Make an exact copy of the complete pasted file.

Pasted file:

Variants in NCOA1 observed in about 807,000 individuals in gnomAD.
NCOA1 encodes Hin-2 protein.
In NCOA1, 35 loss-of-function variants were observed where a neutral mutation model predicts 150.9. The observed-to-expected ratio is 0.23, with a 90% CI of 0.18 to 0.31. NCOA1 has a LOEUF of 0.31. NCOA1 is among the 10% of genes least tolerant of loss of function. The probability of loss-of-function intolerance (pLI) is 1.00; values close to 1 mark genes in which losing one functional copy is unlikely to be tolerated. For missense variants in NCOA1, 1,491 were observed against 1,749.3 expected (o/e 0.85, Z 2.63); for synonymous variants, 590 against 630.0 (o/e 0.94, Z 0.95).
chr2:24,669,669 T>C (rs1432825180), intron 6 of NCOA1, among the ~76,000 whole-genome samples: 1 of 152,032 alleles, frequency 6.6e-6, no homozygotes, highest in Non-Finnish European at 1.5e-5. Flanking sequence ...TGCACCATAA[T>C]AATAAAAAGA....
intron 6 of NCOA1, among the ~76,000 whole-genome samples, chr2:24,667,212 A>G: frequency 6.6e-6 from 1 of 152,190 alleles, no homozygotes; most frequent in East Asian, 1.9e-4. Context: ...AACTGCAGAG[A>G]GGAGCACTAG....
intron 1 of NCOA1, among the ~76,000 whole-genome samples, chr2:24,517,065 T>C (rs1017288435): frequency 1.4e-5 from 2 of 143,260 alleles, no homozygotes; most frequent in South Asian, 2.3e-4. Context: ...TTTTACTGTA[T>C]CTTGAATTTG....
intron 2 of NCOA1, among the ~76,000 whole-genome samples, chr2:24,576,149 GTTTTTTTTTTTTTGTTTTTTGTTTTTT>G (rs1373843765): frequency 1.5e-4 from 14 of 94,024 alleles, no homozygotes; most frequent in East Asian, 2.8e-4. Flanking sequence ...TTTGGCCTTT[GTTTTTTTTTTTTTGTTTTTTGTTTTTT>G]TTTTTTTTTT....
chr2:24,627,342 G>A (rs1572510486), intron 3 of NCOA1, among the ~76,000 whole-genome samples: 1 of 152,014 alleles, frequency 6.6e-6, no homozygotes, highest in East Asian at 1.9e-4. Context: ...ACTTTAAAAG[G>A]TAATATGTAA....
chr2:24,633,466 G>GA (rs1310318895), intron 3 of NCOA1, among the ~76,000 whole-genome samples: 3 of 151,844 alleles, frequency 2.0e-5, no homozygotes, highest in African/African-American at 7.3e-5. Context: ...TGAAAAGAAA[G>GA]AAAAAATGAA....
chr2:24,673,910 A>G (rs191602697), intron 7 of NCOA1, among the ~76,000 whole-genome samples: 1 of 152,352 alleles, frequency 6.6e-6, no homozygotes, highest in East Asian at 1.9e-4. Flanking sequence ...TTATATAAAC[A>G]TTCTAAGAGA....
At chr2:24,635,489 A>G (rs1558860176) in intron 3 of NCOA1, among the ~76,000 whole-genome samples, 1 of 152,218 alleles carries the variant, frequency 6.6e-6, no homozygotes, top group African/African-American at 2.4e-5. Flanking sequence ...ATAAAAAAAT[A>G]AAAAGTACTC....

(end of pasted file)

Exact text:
Variants in NCOA1 observed in about 807,000 individuals in gnomAD.
NCOA1 encodes Hin-2 protein.
In NCOA1, 35 loss-of-function variants were observed where a neutral mutation model predicts 150.9. The observed-to-expected ratio is 0.23, with a 90% CI of 0.18 to 0.31. NCOA1 has a LOEUF of 0.31. NCOA1 is among the 10% of genes least tolerant of loss of function. The probability of loss-of-function intolerance (pLI) is 1.00; values close to 1 mark genes in which losing one functional copy is unlikely to be tolerated. For missense variants in NCOA1, 1,491 were observed against 1,749.3 expected (o/e 0.85, Z 2.63); for synonymous variants, 590 against 630.0 (o/e 0.94, Z 0.95).
chr2:24,669,669 T>C (rs1432825180), intron 6 of NCOA1, among the ~76,000 whole-genome samples: 1 of 152,032 alleles, frequency 6.6e-6, no homozygotes, highest in Non-Finnish European at 1.5e-5. Flanking sequence ...TGCACCATAA[T>C]AATAAAAAGA....
intron 6 of NCOA1, among the ~76,000 whole-genome samples, chr2:24,667,212 A>G: frequency 6.6e-6 from 1 of 152,190 alleles, no homozygotes; most frequent in East Asian, 1.9e-4. Context: ...AACTGCAGAG[A>G]GGAGCACTAG....
intron 1 of NCOA1, among the ~76,000 whole-genome samples, chr2:24,517,065 T>C (rs1017288435): frequency 1.4e-5 from 2 of 143,260 alleles, no homozygotes; most frequent in South Asian, 2.3e-4. Context: ...TTTTACTGTA[T>C]CTTGAATTTG....
intron 2 of NCOA1, among the ~76,000 whole-genome samples, chr2:24,576,149 GTTTTTTTTTTTTTGTTTTTTGTTTTTT>G (rs1373843765): frequency 1.5e-4 from 14 of 94,024 alleles, no homozygotes; most frequent in East Asian, 2.8e-4. Flanking sequence ...TTTGGCCTTT[GTTTTTTTTTTTTTGTTTTTTGTTTTTT>G]TTTTTTTTTT....
chr2:24,627,342 G>A (rs1572510486), intron 3 of NCOA1, among the ~76,000 whole-genome samples: 1 of 152,014 alleles, frequency 6.6e-6, no homozygotes, highest in East Asian at 1.9e-4. Context: ...ACTTTAAAAG[G>A]TAATATGTAA....
chr2:24,633,466 G>GA (rs1310318895), intron 3 of NCOA1, among the ~76,000 whole-genome samples: 3 of 151,844 alleles, frequency 2.0e-5, no homozygotes, highest in African/African-American at 7.3e-5. Context: ...TGAAAAGAAA[G>GA]AAAAAATGAA....
chr2:24,673,910 A>G (rs191602697), intron 7 of NCOA1, among the ~76,000 whole-genome samples: 1 of 152,352 alleles, frequency 6.6e-6, no homozygotes, highest in East Asian at 1.9e-4. Flanking sequence ...TTATATAAAC[A>G]TTCTAAGAGA....
At chr2:24,635,489 A>G (rs1558860176) in intron 3 of NCOA1, among the ~76,000 whole-genome samples, 1 of 152,218 alleles carries the variant, frequency 6.6e-6, no homozygotes, top group African/African-American at 2.4e-5. Flanking sequence ...ATAAAAAAAT[A>G]AAAAGTACTC....